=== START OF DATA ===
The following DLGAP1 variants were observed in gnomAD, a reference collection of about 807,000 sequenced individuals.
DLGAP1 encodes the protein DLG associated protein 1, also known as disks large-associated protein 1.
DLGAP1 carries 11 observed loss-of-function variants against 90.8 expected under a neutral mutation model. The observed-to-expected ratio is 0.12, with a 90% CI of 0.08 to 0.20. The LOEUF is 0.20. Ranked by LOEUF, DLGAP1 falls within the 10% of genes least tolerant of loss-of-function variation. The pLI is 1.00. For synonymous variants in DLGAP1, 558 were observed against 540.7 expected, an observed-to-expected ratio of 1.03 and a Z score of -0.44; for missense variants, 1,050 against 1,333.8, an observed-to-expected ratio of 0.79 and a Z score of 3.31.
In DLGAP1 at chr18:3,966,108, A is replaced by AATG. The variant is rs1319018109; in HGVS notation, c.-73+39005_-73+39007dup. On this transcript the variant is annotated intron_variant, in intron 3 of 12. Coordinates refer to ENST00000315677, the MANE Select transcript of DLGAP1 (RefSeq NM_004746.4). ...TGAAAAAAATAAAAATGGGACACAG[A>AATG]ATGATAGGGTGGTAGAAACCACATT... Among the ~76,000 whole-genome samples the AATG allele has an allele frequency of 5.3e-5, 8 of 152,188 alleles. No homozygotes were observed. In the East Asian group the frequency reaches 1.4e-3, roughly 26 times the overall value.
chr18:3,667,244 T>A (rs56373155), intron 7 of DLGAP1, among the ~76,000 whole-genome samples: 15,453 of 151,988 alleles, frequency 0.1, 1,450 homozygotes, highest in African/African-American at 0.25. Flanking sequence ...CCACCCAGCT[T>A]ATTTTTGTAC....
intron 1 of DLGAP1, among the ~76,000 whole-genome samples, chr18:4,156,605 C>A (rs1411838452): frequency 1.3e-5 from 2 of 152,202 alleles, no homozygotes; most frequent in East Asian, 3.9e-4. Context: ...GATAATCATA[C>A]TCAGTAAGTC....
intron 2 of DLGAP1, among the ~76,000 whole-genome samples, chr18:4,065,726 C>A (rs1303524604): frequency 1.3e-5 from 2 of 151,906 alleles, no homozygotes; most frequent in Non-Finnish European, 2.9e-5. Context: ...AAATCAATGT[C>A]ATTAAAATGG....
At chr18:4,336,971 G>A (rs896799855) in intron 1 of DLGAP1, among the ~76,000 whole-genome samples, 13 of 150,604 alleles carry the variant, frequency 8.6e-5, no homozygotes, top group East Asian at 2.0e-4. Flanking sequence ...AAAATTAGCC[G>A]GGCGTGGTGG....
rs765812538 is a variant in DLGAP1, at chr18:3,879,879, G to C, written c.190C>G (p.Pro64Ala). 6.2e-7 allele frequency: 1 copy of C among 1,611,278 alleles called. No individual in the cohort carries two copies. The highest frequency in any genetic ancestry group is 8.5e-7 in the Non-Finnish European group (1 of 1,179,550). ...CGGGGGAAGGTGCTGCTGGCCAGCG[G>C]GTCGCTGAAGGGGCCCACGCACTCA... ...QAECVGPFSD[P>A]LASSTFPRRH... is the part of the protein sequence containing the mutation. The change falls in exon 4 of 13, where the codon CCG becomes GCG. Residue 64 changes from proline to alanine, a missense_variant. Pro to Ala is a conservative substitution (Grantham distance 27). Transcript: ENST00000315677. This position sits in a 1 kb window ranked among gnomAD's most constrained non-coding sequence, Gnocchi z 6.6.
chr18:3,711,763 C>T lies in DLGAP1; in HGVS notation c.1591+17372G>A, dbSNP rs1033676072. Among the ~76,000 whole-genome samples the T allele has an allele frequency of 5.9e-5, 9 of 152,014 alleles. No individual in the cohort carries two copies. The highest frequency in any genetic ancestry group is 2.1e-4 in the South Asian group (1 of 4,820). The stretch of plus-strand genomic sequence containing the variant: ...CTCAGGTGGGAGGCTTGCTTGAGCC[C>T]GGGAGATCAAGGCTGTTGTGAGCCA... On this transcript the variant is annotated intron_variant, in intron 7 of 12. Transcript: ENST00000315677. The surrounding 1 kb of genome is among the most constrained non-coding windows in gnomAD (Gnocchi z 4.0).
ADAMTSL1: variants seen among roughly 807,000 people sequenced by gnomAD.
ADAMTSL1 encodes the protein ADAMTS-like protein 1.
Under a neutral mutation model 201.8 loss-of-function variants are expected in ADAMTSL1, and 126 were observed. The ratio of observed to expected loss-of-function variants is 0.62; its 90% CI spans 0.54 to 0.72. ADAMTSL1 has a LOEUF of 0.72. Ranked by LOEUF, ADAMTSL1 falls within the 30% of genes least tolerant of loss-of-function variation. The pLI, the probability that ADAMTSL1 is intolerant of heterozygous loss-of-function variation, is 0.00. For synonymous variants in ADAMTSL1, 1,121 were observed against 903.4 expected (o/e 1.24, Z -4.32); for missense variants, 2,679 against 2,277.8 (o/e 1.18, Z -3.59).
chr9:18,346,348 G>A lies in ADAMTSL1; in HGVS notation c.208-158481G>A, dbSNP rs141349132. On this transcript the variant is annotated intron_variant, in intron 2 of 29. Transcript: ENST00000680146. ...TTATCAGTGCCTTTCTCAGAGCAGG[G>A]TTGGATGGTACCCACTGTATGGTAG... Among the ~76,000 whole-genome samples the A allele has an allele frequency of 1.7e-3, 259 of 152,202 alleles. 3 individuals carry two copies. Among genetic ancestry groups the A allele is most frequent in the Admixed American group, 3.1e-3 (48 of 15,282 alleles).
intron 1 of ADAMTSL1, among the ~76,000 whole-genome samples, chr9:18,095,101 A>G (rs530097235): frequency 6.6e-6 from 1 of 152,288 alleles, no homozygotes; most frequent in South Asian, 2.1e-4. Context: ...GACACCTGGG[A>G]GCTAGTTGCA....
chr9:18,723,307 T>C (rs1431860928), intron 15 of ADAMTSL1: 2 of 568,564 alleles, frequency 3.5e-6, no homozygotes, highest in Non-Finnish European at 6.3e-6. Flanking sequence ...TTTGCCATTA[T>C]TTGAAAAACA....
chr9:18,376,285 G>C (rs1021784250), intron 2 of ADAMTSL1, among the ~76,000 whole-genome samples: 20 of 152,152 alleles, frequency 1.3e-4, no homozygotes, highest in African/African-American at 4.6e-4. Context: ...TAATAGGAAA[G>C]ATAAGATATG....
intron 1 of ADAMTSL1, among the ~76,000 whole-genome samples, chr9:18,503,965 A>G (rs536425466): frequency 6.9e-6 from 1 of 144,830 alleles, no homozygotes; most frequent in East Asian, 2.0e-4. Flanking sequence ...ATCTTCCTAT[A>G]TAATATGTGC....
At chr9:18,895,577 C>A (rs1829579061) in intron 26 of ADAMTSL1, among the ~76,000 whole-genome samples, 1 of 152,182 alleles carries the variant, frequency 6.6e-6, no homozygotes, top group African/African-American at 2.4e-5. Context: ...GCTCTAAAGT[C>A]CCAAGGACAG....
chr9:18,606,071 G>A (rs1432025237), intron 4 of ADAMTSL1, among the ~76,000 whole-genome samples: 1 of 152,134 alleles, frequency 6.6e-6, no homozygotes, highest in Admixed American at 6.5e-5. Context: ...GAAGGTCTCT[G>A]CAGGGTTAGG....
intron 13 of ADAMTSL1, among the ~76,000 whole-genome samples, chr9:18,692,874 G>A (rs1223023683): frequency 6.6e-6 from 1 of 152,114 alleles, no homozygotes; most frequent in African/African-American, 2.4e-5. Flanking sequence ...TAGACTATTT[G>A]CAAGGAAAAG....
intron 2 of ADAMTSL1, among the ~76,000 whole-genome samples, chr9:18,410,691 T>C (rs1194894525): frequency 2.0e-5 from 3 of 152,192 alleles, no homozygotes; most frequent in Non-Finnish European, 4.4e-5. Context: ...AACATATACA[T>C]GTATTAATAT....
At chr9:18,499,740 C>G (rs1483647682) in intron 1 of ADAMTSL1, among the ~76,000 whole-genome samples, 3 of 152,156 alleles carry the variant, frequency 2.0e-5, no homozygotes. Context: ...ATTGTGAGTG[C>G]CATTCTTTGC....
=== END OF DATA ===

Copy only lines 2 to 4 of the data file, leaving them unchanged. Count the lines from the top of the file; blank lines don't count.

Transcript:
DLGAP1 encodes the protein DLG associated protein 1, also known as disks large-associated protein 1.
DLGAP1 carries 11 observed loss-of-function variants against 90.8 expected under a neutral mutation model. The observed-to-expected ratio is 0.12, with a 90% CI of 0.08 to 0.20. The LOEUF is 0.20. Ranked by LOEUF, DLGAP1 falls within the 10% of genes least tolerant of loss-of-function variation. The pLI is 1.00. For synonymous variants in DLGAP1, 558 were observed against 540.7 expected, an observed-to-expected ratio of 1.03 and a Z score of -0.44; for missense variants, 1,050 against 1,333.8, an observed-to-expected ratio of 0.79 and a Z score of 3.31.
In DLGAP1 at chr18:3,966,108, A is replaced by AATG. The variant is rs1319018109; in HGVS notation, c.-73+39005_-73+39007dup. On this transcript the variant is annotated intron_variant, in intron 3 of 12. Coordinates refer to ENST00000315677, the MANE Select transcript of DLGAP1 (RefSeq NM_004746.4). ...TGAAAAAAATAAAAATGGGACACAG[A>AATG]ATGATAGGGTGGTAGAAACCACATT... Among the ~76,000 whole-genome samples the AATG allele has an allele frequency of 5.3e-5, 8 of 152,188 alleles. No homozygotes were observed. In the East Asian group the frequency reaches 1.4e-3, roughly 26 times the overall value.